5/21/2010 – And Away…We Go…Skinning Cats

I’ve been to hundreds of shows in my life and I’d be damned if I remembered them all, but sometimes there are nights that are just a cut above the rest that you’ll never forget. This show was the absolute best I’ve ever witnessed of any band in any arena. It just so happened to be a combination of my two favorites. The first night of the two-night run was pretty good, I heard a lot of songs that I’ve haven’t heard since, such as You Are, Breakerfall, Insignificance, and Mankind. But boy oh boy, if you wanted a checklist type of show, you got it on this night. I’m Open, Push Me, Pull Me, Black Red Yellow, Sweet Lew, Hunger Strike, Rats. The goal of this show was to blow the roof off the joint, and I don’t think it’s any coincidence that only a few years later the Garden had to be renovated. Pearl Jam causes wear and tear, as we all know.

Seeing as this is my all-time favorite show, it’s incredibly difficult to pick just one moment. So as the headline states, you’ll get two for the price of one. I have to go back to the way this show opened. This was a Friday night show in Manhattan and a night two show to boot, so everybody felt this edge of anticipation that something big was bound to happen. And before Ed plucked those iconic opening notes to Corduroy, he said something so simple, yet incredibly impactful…

And away…we go!

For all of you Live On 4 Legs listeners, you’re all aware of my love with this line. It’s literally the first line of our podcast’s theme song. And it sets the tone perfectly for both the pod and this massive night. This was just about as close to a recreation of the Do The Evolution moment that you’re ever gonna get. The stage was ROCKIN’! You could feel a palpable kind of energy in that room that I don’t think could’ve properly been transmitted through any other song at any other time. There’s one point in the bridge where the building is so loud, everyone clapping hands and screaming, that when they rev back into the solo you can hear Ed say “I can feel it!” The place fully exploded, and I’ve never seen a better rock ‘n’ roll moment in my entire life.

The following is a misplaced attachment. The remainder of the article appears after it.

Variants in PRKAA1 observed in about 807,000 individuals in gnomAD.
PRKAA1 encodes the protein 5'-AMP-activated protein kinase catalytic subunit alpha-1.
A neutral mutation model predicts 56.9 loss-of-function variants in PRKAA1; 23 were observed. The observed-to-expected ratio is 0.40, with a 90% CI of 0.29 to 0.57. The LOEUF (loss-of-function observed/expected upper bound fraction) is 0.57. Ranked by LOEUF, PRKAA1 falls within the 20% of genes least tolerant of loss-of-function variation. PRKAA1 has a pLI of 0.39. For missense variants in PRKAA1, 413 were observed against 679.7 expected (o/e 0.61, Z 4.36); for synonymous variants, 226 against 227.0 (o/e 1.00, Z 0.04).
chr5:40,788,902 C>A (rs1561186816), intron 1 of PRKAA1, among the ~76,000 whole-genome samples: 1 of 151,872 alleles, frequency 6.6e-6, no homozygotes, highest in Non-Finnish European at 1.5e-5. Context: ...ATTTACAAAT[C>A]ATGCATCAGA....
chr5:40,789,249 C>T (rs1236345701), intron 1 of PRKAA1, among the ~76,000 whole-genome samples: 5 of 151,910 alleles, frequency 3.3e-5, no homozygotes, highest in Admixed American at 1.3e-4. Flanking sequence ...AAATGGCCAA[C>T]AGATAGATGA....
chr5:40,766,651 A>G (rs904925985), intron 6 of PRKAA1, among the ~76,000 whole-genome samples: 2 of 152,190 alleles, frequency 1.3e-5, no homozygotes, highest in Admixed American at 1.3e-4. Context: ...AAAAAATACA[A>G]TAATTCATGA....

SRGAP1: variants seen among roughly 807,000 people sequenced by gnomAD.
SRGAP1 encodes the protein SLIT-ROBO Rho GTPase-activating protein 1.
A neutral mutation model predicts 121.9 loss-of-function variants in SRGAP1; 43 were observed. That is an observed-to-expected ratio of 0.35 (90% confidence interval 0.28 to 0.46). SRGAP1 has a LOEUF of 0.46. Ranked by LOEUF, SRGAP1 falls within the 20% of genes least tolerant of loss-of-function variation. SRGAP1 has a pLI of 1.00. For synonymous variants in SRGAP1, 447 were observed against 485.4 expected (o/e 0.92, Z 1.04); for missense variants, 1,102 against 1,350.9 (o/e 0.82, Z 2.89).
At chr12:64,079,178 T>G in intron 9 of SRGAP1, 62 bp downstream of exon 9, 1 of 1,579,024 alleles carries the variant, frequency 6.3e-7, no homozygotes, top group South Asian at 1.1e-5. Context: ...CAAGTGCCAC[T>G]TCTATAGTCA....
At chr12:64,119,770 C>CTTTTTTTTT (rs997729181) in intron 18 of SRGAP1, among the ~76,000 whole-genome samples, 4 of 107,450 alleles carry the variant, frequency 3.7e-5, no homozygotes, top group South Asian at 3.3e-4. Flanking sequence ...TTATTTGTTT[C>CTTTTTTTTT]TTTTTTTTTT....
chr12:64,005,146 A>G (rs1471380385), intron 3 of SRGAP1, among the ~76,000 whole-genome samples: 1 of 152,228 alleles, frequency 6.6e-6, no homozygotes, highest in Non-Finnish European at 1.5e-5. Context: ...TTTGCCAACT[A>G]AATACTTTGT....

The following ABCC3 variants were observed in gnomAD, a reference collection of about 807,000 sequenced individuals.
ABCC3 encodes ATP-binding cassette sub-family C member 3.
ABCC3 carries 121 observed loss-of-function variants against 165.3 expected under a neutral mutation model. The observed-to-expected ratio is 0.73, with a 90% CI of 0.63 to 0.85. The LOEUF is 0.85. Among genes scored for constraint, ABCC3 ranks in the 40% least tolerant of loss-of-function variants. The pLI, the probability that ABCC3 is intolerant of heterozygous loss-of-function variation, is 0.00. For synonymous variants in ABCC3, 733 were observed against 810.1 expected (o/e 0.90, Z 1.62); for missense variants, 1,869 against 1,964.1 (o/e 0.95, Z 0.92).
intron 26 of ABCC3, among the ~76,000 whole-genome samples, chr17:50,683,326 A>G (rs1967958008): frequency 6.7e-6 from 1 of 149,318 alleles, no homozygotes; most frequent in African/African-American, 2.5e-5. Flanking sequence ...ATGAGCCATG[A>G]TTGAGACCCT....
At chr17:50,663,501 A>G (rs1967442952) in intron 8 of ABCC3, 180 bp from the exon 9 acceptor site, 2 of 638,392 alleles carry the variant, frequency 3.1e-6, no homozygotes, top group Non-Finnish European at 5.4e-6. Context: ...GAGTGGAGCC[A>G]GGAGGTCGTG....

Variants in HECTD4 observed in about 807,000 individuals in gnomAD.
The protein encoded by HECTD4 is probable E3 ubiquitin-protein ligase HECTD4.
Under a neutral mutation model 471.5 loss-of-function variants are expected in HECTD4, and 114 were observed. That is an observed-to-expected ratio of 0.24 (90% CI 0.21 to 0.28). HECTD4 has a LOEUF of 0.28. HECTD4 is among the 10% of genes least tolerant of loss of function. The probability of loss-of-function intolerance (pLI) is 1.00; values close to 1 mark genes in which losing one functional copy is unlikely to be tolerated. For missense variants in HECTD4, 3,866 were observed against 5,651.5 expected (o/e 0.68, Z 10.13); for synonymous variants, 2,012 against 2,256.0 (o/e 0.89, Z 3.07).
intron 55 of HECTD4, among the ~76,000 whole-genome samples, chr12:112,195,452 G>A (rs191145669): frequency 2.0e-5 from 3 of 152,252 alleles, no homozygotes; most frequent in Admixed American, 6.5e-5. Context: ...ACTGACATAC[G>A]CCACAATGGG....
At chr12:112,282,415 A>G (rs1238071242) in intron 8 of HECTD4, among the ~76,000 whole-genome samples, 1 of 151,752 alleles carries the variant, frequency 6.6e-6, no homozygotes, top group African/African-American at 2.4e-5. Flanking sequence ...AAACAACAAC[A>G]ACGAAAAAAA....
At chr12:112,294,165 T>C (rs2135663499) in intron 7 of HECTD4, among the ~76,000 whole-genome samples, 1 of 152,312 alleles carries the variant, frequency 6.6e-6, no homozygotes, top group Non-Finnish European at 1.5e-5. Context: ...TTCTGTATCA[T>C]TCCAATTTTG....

And while that may be number 1 for me, I can’t just cut out there without talking about Slow Lukin, the universally beloved moment from that night. At night 1, they brought out a string quartet to help with some of the backing on Backspacer songs Just Breathe and The End. They also threw Lukin in there as an added bonus. Ed said something about trying this real quick in the back, and proceeded to play the song acoustically at full speed with the string section doing their best to follow along. The next night, they came out with a different game plan, and Ed compares it to some kind of weird adage:

You know they say that thing, there’s many ways to skin a cat. Like everyone knows that saying, there’s more than one way to skin a cat. Why does everybody know that saying? Who the fuck is out skinning cats? Is that an old thing we used to do as Americans? Cat skinning? But I guess this is another way to skin a cat.

What followed was the most beautifully heartfelt version of the song about Matt Lukin’s kitchen that has ever been done. A lot of the crowd was very confused when they heard these pretty normal non-power chords start the song along with the quartet. I wasn’t fooled. It’s not like I shouted it, but the minute Ed said the thing about cat skinning, I had a feeling they were gonna somehow rework Lukin from the night before. Once the crowd recognized what it was, the place erupted. It quickly made the rounds on the Ten Club forums and other early social media outlets, and I think for the average fan who wasn’t there, it’s this moment that connects to this show the most. Let’s not forget how powerful that version of Better Man was too, because that’s clearly yet another moment deserving of praise. Slow Lukin is just one of those legendary things that can be imitated (they did a Slow Lukin intro at Denver 2014 and Budapest from this year) but never replicated.